Belfast Telegraph

Wednesday 27 August 2014

Libyan electorate goes to the polls

Libyan election officials work at a polling station in Tripoli (AP)

Jubilant Libyans have voted for a new parliament in their first nationwide vote in decades.

Violence and protests in the restive east have underlined the challenges ahead as the oil-rich North African nation struggles to restore stability after the removal and death of long-time dictator Muammar Gaddafi.

One person was killed and two wounded in a gun battle between security forces and anti-election protesters in the eastern city of Ajdabiya, according to the head of the election commission.

Nouri al-Abari said the polling centre targeted by the protesters was later reopened and voting commenced normally.

The shooting followed a spate of attacks on polling centres in the eastern half of the country, which was the cradle of the revolution against Gaddafi but has become increasingly unsettled over the perceived domination of power by rivals in Tripoli.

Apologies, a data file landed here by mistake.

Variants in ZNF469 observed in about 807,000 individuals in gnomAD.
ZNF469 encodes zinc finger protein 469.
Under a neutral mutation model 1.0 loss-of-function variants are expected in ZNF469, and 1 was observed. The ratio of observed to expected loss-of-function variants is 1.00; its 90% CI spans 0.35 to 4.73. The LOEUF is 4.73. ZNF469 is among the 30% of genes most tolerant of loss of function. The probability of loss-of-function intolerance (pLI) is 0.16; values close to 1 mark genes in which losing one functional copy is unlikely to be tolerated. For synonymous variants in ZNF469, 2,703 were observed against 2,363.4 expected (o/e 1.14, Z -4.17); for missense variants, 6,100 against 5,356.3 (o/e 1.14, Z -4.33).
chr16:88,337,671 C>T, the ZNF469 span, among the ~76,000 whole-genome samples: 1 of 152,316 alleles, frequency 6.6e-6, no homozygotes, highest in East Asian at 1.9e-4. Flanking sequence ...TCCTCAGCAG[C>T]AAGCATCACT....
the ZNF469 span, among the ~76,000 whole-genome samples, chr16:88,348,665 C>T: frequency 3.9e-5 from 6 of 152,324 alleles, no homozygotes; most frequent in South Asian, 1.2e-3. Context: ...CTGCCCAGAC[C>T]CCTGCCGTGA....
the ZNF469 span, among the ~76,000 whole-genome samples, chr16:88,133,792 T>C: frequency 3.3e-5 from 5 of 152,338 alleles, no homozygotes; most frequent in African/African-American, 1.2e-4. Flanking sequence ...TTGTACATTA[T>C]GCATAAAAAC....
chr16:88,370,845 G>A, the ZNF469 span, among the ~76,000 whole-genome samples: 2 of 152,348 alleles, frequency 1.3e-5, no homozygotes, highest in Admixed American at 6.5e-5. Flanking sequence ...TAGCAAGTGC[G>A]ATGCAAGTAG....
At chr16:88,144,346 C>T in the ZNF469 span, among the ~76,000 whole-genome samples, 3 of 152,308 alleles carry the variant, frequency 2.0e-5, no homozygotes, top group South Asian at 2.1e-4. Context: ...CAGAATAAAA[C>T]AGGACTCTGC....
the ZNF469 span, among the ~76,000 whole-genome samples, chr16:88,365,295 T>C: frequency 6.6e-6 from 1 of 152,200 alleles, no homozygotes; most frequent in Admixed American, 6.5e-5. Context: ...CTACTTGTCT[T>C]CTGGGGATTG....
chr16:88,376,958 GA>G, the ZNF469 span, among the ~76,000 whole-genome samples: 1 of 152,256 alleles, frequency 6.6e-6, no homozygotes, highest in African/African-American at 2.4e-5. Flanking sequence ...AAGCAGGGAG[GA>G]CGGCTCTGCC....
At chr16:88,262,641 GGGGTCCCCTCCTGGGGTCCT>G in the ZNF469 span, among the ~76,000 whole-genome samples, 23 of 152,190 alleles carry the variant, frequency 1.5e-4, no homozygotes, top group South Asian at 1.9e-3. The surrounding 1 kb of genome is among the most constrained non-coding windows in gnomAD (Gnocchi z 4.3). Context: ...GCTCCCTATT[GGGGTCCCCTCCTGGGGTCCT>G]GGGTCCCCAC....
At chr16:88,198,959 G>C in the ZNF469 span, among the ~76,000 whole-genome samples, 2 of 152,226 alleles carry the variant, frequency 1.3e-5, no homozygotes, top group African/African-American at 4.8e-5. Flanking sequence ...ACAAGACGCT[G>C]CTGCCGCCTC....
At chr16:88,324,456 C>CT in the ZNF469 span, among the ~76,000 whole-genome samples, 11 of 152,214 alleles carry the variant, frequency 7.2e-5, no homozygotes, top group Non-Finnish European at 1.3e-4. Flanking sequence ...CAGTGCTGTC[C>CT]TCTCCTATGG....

The vote capped a chaotic transition that has exposed major fault lines ranging from the east-west divide to efforts by Islamists to assert power.

Lines formed outside polling centres more than an hour before they opened in the capital Tripoli, with policemen and soldiers standing guard and searching voters and election workers before they entered.

"I have a strange but beautiful feeling today," dentist Adam Thabet said as he waited his turn to cast a ballot. "We are free at last after years of fear. We knew this day would come, but we were afraid it would take a lot longer."

The election for a 200-seat parliament, which will be tasked with forming a new government, was a key milestone after a bitter civil war that ended Gaddafi's four-decade rule. It was the first time Libyans have voted for a parliament since 1964, five years before Gaddafi's military coup that toppled the monarchy.

But the desert nation of six million people has fallen into turmoil since Gaddafi was killed by rebel forces in his home city of Sirte in late October. Armed militias operate independently, refusing to be brought under the umbrella of a national army, and deepening regional and tribal divisions erupt into violence with alarming frequency. Growing resentment in the east and the inability to rein in militias have threatened to tear the country apart.

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